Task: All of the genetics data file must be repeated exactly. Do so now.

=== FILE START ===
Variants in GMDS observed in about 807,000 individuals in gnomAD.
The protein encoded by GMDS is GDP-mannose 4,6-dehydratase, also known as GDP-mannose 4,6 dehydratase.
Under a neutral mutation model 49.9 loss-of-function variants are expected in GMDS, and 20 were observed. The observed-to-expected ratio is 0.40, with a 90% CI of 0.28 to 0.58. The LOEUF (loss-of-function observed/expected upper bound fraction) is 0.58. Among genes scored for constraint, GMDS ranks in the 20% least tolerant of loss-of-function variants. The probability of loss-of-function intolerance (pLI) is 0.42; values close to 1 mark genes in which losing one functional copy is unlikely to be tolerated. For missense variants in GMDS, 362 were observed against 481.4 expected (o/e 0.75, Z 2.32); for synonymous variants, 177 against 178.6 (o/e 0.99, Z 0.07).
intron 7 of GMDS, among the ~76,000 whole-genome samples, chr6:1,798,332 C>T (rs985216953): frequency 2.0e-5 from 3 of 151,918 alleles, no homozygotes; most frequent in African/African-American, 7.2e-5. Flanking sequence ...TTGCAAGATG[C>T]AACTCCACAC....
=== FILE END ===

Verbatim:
Variants in GMDS observed in about 807,000 individuals in gnomAD.
The protein encoded by GMDS is GDP-mannose 4,6-dehydratase, also known as GDP-mannose 4,6 dehydratase.
Under a neutral mutation model 49.9 loss-of-function variants are expected in GMDS, and 20 were observed. The observed-to-expected ratio is 0.40, with a 90% CI of 0.28 to 0.58. The LOEUF (loss-of-function observed/expected upper bound fraction) is 0.58. Among genes scored for constraint, GMDS ranks in the 20% least tolerant of loss-of-function variants. The probability of loss-of-function intolerance (pLI) is 0.42; values close to 1 mark genes in which losing one functional copy is unlikely to be tolerated. For missense variants in GMDS, 362 were observed against 481.4 expected (o/e 0.75, Z 2.32); for synonymous variants, 177 against 178.6 (o/e 0.99, Z 0.07).
intron 7 of GMDS, among the ~76,000 whole-genome samples, chr6:1,798,332 C>T (rs985216953): frequency 2.0e-5 from 3 of 151,918 alleles, no homozygotes; most frequent in African/African-American, 7.2e-5. Flanking sequence ...TTGCAAGATG[C>T]AACTCCACAC....